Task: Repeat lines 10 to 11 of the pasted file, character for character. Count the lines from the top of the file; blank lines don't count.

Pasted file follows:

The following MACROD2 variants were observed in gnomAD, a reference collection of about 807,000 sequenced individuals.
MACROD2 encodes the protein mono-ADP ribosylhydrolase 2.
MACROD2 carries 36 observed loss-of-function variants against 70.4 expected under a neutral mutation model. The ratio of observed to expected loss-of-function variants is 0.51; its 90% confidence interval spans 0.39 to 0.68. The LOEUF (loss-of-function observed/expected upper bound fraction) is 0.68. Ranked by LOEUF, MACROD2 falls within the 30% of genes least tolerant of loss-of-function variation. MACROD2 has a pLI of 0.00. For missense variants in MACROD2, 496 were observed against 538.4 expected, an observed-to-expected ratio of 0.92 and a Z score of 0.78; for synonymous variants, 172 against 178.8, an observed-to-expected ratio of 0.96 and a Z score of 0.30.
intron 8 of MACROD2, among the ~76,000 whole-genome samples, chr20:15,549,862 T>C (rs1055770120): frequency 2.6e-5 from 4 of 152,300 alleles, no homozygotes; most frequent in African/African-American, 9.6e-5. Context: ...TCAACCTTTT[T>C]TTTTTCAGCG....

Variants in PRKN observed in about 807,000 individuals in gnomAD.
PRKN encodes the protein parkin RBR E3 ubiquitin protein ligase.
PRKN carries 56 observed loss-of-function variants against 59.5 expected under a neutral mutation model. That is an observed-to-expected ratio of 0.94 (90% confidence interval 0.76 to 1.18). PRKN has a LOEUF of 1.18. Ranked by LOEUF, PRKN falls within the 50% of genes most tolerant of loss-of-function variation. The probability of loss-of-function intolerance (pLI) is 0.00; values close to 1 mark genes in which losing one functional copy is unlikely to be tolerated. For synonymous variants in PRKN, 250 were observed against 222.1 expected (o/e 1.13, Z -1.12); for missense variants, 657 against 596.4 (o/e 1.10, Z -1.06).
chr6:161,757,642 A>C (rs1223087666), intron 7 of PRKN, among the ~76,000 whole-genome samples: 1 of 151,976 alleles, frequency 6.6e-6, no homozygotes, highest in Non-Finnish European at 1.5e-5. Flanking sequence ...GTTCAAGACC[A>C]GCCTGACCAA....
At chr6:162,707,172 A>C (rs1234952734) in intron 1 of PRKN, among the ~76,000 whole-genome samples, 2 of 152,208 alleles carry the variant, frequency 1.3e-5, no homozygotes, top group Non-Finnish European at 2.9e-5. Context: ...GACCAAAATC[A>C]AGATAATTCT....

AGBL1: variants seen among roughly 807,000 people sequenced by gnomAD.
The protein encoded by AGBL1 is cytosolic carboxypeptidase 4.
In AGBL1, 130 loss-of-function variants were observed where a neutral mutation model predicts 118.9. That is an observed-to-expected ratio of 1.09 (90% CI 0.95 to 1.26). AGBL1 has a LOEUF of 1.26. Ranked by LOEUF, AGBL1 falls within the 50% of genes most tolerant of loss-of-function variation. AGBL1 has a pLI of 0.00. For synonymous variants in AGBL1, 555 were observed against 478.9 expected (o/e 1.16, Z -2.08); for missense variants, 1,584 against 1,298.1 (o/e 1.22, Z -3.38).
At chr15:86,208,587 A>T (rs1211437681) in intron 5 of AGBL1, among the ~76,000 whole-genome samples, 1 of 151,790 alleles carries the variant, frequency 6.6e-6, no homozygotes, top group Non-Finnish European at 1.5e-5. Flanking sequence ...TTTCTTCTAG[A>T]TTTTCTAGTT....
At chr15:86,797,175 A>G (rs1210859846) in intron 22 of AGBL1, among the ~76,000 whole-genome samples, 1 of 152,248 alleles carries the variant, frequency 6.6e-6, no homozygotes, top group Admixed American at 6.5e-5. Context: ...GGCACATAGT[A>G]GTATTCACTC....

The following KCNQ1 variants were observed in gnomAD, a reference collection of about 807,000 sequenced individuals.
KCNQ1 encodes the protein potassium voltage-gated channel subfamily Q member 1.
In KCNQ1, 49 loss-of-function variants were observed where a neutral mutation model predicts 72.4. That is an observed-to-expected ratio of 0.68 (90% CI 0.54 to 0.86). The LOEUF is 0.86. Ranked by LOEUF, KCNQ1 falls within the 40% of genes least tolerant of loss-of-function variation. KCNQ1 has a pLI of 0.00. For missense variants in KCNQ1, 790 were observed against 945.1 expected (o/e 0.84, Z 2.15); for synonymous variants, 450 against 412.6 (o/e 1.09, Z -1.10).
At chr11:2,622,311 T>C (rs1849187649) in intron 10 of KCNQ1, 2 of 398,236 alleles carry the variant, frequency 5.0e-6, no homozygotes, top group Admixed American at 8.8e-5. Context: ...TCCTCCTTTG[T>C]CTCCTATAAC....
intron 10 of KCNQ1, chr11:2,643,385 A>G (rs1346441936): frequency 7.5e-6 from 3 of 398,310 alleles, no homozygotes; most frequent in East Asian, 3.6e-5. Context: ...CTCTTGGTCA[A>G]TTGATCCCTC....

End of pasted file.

AGBL1: variants seen among roughly 807,000 people sequenced by gnomAD.
The protein encoded by AGBL1 is cytosolic carboxypeptidase 4.